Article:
Israeli filmmaker Hadas Ben Aroya’s second feature film, All Eyes Off Me, offers a naturalistic glimpse into Israel’s contemporary youth culture as it shifts its focus from one main character to the next. Split into three episodes, the film follows Danny (Hadar Katz), a young woman drifting through a house party in hopes of telling her former lover that she’s pregnant; said former lover, Max (Leib Levin), who has just gotten into something resembling a relationship with Avishag (Elisheva Weil); and Avishag herself, who is looking to explore her more unorthodox sexual desires while also harboring a secret crush on an older man.
The mercurial Avishag — really the epicenter of the film’s interlinked narratives — is a dog walker in her early twenties. Directionless, she spends her time at the dog park, watching videos on a cracked phone screen, or drinking red wine and listening to records in her employer’s tastefully luxurious mansion. Her semi-romantic entanglement with Max is casual in a strained way, both of them dutifully echoing the script of romantic non-commitment that masks deeper feelings and, more importantly, deeper insecurities — “No, we’re not together,” says Max when asked about their situation. “We’ve been liking each other’s posts on Instagram for a while, and then we randomly ran into each other here and vibed.”
Jokes and shallow musings come easy to them, while they struggle with genuine intimacy and vulnerability. Danny, for all her casual chatter about getting an abortion, ultimately can’t bring herself to tell Max about her pregnancy, instead choosing to ramble on about a dying butterfly she saw on her way to the party. Even the partygoers she confides in are quick to make light of terminating a pregnancy, with one of them quipping, “I’m off to get an abortion, anyone need anything?” But when one of the guests shares her own experience with abortion, her no-big-deal demeanor devolves into an unfocused ramble that goes on for an uncomfortably long time.
A pivotal moment comes after Max confesses his bisexuality to Avishag, nervously making sure to clarify that he isn’t attracted to “manly men.” His somewhat clumsy openness prompts Avishag to make a confession of her own, as she tells him about her rough sex fantasies. The two are open and easy-going, but they mask an obvious discomfort by trying to find humor in it. But when they finally act out her fantasies, captured in unflinching detail, the encounter leaves both of them shaken, and in Avishag’s case, bruised as well. Her veneer of cool sophistication slips for the first time as she grapples with emotions that turn out to be a little more complicated than she anticipated.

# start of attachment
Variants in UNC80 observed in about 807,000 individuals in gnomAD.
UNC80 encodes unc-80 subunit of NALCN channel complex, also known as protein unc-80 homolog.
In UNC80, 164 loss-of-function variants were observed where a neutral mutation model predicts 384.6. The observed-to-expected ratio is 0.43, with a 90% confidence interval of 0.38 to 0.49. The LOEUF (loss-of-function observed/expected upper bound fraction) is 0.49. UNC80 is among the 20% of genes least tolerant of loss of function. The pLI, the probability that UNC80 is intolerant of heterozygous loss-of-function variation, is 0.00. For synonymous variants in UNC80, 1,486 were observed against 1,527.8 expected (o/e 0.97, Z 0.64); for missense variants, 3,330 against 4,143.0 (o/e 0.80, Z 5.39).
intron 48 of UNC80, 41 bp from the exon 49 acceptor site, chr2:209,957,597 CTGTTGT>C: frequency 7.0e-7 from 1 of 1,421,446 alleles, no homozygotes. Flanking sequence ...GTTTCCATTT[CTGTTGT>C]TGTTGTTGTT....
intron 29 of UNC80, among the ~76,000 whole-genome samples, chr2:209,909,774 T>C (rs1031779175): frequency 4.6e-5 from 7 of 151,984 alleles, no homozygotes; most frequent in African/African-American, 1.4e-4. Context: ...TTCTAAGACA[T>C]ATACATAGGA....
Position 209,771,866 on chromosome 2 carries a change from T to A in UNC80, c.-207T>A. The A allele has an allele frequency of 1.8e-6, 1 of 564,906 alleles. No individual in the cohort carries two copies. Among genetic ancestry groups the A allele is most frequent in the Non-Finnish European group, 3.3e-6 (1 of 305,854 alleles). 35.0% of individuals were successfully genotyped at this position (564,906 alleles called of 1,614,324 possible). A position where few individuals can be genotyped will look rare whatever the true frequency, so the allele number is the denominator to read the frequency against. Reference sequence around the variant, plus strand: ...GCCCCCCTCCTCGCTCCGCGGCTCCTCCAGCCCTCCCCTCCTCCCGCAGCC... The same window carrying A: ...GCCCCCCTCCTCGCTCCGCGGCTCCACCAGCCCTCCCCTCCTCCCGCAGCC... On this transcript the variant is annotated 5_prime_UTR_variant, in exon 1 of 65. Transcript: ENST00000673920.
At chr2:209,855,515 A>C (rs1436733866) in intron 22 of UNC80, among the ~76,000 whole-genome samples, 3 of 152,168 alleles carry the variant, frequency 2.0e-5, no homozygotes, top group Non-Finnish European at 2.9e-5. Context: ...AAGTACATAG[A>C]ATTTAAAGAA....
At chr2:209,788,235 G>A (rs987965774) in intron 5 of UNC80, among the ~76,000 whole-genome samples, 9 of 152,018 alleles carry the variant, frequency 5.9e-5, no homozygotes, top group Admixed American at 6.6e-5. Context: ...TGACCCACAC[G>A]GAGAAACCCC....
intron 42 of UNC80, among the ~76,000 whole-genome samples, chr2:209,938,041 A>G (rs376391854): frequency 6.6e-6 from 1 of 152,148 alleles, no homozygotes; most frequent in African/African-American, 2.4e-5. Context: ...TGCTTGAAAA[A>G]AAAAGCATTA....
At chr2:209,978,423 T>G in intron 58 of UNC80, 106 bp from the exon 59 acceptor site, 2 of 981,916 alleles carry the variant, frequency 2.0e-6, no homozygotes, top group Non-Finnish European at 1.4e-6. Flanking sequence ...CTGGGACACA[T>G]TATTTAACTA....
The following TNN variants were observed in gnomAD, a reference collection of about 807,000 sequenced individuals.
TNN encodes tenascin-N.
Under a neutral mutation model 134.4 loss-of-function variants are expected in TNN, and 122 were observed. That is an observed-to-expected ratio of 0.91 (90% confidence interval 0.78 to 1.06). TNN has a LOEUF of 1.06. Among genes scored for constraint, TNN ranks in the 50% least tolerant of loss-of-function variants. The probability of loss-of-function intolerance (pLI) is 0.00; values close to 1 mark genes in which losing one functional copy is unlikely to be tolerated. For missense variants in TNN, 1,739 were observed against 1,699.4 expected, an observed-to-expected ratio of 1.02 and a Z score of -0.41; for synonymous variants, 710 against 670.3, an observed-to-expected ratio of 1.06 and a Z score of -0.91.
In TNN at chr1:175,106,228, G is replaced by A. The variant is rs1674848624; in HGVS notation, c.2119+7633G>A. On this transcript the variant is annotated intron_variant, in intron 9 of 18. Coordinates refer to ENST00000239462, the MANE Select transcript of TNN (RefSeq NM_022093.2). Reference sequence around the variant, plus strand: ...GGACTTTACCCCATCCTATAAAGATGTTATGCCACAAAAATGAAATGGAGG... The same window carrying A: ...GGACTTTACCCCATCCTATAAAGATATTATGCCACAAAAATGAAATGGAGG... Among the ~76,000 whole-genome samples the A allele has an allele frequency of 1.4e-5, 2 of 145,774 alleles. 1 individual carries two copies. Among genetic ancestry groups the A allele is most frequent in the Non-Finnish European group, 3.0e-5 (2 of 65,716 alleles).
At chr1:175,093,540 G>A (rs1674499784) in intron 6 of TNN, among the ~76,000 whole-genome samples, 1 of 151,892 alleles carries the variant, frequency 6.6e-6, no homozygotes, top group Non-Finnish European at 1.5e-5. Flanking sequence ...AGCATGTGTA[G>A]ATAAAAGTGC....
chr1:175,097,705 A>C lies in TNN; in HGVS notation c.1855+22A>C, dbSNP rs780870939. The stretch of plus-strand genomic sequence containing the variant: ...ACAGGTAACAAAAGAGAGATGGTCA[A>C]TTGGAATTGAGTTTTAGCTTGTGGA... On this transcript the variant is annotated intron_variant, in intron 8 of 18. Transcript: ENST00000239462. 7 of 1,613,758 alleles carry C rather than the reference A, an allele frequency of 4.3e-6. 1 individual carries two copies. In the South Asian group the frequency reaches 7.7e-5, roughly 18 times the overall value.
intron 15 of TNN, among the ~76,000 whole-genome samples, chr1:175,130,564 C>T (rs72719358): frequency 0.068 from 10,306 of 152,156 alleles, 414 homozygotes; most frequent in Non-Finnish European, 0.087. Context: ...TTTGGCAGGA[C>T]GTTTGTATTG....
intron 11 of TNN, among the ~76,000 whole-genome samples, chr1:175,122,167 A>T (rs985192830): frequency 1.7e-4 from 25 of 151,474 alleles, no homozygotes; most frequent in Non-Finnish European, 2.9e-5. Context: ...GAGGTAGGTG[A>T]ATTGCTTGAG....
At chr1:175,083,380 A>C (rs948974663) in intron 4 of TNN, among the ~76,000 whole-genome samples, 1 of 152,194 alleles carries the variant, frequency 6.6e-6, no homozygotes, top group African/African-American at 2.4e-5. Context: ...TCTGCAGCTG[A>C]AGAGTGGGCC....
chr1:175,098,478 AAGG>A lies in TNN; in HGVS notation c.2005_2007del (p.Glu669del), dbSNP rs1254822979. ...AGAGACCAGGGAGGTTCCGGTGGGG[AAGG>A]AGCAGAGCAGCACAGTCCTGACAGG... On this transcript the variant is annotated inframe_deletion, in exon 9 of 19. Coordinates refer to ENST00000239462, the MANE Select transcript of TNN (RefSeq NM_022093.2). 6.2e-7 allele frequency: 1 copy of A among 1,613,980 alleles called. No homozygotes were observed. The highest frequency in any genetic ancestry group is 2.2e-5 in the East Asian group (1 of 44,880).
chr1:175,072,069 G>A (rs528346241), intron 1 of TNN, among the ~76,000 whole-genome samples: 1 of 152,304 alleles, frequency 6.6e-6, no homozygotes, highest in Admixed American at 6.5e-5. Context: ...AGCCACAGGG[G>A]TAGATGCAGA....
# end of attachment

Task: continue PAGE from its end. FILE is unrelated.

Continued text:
Ben Aroya refrains from ever moralizing about her characters’ habits and inclinations, however, choosing to observe their behavior with a refreshing lack of judgment. When she brings up young people’s oft-discussed propensity for constantly pulling out their phones, her characters indulge the habit with a level of self-awareness that feels indicative of a deeper empathy she has for those at the heart of her film. Further, the writer-director also shows them interacting earnestly with the technology that’s become so ubiquitous in our daily lives. Far from the blank-faced passivity that members of her generation have been caricatured with, Avishag is genuinely moved to tears by a vocal performance she watches on YouTube during a quiet moment — a startlingly genuine reaction, perhaps only made possible by her solitude.
Although comparisons have been made to the work of Larry Clark, All Eyes Off Me‘s social context and the lifestyle it portrays share little in common with the bleakness that permeates Clark’s films. Ben Aroya’s long takes and naturalistic dialogue do produce a kind of intimacy which brings to mind similar moments in Ken Park or Kids, the latter being referenced, rather explicitly, via a lengthy kissing scene, complete with ASMR-inducing sound effects. But in spite of its sexual frankness, nothing in Ben Aroya’s sophomore film feels particularly lurid. Rather, her filmmaking eschews not only Clark’s conservative streak, but also the sex negativity of many (most?) of her peers. And unlike Clark’s propensity for downer endings, the film ends things on an exceptionally tender note: Avishag finding comfort in the arms of an unlikely companion, lost in thoughts and happy to let the moments pass without distraction.
Published as part of InRO Weekly — Volume 1, Issue 6.